Brisbane’s Mick McLoughlin tees off on countdown to world record challenge
To play 2001 golf holes in seven days (that’s 286 holes or 16 rounds per day), raise $250,000 and take the world record: that’s the aim of Brisbane businessman, philanthropist and Ronald McDonald House Charities South East Queensland (RMHC SEQ) supporter Mick McLoughlin. And those that know Mick well, know that this crazy idea will be achieved.
After Covid-19 brought the usual fundraising efforts of RMHC SEQ to a halt, Board member and huge supporter Mick McLoughlin was inspired to fill the coffers by pushing himself – and from November 21 to 27 this year, this is exactly what he’ll do. After almost 12 months of training and preparation, he will take a tilt at the world record of playing the greatest number of golf holes in seven days (cart assisted).
Today at Golf Central Mick marked the official countdown to his challenge. He was supported by AFL and Brisbane Lions great, Daniel Merrett, NRL and Broncos legend, Sam Thiaday and star Australian Netball player, Beryl Friday, who all had a hit with Mick.
Mick started serious training in December last year, and is now hitting 1,000 balls a day at Golf Central, which has made him an ambassador and is supporting his quest. He has a coach in Quinten How to refine his skills, he works out to build his core and shoulders and has a personal trainer. Mick’s 58 years of age and has never shied away from a challenge.
“The world title is one challenge, raising $250,000 for RMHC SEQ is the other. They go together, and I’m calling on Queensland businesses and individuals who can, to dig deep and come on board. Supporters can donate as little or as much, or they can bid to come out on the course during the challenge, buy a ball and more.”
HOW IT CAME ABOUT: “I was sitting in a RMHC SEQ Board meeting in late 2020 listening to how difficult Covid-19 was making operations and fundraising. Our usual fundraising events weren’t an option, and the biggest event of the year – the annual ball – was cancelled. So, I made myself think outside the square, and decided to challenge myself as an individual and make the charity the beneficiary. I just needed the idea!”
“Then a little later, I was in Tenterfield in November 2020 and saw memorabilia on the wall of a golfer from that area, who created a World Record of 1800 golf holes in seven days (cart assisted), and thought, that’s it, that’s me. I investigated the record further and found it had been broken by a golfer from Idaho, Geno Bonnalli, who holds the current record of 2000 holes. I decided then and there that’s my idea, I’m going to go for the world record and raise money along the way.”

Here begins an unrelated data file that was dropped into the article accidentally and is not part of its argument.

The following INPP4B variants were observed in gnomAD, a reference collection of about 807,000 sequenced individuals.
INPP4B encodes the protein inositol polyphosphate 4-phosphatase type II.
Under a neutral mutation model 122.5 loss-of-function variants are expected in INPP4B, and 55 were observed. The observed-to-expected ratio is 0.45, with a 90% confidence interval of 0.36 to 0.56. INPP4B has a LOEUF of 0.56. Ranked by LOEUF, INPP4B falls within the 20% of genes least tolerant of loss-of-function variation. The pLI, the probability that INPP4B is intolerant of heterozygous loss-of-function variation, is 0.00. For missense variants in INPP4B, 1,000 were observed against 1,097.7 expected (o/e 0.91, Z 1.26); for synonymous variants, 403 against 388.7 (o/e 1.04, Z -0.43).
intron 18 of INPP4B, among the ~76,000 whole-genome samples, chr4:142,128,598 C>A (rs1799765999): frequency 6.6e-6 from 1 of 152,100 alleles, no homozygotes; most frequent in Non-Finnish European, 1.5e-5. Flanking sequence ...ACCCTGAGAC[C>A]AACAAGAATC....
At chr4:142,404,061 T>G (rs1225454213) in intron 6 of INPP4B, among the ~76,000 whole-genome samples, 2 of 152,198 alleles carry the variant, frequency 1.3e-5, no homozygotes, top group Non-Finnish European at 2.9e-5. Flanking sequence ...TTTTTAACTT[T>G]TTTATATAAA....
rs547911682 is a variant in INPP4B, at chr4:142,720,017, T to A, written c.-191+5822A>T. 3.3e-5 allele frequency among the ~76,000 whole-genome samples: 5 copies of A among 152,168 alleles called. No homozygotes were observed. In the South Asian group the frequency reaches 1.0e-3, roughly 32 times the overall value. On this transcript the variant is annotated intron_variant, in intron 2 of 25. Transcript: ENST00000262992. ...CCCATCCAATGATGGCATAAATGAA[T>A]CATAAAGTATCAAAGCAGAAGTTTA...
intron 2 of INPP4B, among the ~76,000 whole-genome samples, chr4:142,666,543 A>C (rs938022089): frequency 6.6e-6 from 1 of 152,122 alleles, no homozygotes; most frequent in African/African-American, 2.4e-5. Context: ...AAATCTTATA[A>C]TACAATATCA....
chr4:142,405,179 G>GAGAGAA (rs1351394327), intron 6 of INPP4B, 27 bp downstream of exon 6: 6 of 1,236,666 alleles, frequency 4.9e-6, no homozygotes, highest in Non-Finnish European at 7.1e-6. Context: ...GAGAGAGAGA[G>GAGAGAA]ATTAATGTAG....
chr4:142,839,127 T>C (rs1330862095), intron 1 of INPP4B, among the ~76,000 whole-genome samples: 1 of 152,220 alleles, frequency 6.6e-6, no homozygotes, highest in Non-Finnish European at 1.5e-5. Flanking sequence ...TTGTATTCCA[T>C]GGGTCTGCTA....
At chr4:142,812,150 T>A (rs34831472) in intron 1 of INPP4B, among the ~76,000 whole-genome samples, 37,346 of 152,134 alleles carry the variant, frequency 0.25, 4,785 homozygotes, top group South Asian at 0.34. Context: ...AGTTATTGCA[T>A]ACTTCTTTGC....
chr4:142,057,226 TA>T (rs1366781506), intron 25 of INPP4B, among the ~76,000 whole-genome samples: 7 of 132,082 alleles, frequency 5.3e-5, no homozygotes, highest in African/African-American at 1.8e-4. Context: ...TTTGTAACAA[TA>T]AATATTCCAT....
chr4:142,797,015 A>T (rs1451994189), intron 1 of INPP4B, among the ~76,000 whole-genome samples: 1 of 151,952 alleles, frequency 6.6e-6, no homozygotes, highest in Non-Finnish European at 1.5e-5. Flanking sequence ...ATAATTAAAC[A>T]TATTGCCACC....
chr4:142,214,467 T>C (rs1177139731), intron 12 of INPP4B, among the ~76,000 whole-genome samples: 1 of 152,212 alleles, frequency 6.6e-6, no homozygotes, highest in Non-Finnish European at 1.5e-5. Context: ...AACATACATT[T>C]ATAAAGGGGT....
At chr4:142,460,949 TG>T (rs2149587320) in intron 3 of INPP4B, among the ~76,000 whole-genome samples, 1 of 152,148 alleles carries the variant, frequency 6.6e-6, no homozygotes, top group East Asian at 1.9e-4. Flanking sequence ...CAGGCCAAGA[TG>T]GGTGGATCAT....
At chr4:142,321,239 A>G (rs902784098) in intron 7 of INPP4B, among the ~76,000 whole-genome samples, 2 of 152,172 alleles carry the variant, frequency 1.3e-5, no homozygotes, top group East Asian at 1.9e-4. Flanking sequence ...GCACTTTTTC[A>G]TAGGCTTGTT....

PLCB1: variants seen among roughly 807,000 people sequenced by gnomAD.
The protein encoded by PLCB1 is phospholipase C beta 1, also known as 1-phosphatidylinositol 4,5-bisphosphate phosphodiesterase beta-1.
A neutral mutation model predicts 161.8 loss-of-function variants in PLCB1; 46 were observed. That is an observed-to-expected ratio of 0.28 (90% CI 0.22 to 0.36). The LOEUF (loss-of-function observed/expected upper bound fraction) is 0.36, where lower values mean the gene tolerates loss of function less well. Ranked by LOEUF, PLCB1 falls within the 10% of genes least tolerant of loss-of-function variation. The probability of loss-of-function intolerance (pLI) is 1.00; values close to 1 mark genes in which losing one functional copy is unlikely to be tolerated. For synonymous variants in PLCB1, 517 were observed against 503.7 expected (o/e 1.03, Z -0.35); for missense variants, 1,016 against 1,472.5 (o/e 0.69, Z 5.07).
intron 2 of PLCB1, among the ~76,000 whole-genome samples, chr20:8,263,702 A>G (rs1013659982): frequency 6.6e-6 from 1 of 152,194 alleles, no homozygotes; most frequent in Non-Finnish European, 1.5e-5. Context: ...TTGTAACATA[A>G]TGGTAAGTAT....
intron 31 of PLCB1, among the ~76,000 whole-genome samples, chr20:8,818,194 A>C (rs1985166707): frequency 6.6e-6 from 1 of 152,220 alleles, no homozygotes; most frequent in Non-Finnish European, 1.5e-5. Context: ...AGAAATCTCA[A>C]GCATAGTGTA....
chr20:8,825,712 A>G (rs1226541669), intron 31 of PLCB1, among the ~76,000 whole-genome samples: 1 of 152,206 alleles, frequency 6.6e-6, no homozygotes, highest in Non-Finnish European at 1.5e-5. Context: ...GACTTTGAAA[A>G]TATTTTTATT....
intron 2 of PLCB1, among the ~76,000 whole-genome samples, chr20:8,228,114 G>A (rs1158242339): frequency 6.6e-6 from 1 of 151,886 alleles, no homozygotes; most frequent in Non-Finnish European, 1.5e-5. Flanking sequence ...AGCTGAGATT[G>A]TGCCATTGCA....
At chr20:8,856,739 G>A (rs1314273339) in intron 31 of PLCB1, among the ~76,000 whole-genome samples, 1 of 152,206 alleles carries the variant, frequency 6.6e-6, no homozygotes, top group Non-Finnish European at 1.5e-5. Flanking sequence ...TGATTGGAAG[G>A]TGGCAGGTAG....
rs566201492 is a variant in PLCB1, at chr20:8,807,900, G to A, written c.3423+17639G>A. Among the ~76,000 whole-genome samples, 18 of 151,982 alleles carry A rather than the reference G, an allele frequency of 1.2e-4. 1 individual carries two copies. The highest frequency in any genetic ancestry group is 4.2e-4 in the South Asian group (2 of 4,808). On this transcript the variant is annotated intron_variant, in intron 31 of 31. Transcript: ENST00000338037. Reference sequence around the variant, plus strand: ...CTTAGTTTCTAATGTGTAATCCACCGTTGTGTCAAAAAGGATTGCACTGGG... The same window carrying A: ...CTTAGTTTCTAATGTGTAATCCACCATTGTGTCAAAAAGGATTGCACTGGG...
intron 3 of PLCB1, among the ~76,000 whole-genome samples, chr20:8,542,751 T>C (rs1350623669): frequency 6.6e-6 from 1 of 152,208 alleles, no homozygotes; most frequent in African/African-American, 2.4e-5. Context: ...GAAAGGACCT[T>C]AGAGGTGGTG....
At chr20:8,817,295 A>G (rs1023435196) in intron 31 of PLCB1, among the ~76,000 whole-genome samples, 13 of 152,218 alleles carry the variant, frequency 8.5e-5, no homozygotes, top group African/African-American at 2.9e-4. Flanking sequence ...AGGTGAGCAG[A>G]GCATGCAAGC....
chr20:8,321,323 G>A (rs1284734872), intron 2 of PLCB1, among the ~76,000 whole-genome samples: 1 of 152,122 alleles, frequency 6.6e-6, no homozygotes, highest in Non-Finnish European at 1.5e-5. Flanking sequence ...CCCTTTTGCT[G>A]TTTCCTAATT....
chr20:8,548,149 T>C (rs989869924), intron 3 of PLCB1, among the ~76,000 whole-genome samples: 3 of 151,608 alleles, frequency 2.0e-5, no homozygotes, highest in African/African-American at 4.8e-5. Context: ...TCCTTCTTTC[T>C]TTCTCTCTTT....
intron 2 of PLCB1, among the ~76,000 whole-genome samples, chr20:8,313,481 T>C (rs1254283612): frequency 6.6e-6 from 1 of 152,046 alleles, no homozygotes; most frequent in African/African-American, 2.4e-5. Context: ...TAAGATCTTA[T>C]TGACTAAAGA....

“I called the current record holder Geno Bonnelli and he said, ‘while I don’t want to lose my world record title, if I have to, then I want to lose it to you in raising funds for Ronald McDonald House,’ which made me even more determined.”
Geno set the record at the Lewiston Country Club in Idaho from 27 June to 3 July 2011. He averaged 71.802 per round on a par 72 course with a round low for the week of 64 which included 9 birdies and eagles. In a message to Mick for the challenge launch, he said if Mick took the title he would be back to challenge again!
So, Mick applied for the record and his challenge has been accepted: he has to play 2001 golf holes in seven days, which equates to 286 holes or 16 rounds per day (with other terms and conditions to be met).
It’s not Mick’s first foray into fundraising; that was some 40 years ago in Ireland when he took part in his first charity bike ride. The charity bug bit him hard, because now he’s aiming to play golf for 16 to 18 hours a day to achieve the world record, and raise $250,000.
Ronald McDonald House Charities South East Queensland (RMHC SEQ) CEO Dr John Gilmour said Mick’s World Record challenge was an incredible fundraising opportunity for the charity that supports thousands of children and their families each year.
“The funds raised through this event will assist us in providing essential accommodation and support services to families travelling to Brisbane to receive vital treatment for their seriously ill or injured children. Our role is to keep families together and close to the care their child needs,” said Dr Gilmour.
“Mick is a wonderful supporter of RMHC SEQ and has been a Board Member with the charity for a number of years. His commitment to this event and his fundraising goal is a testament to his character and his love for our charity. We know our families, staff and volunteers will be cheering Mick on as he approaches his world record challenge and we wish him all the best.”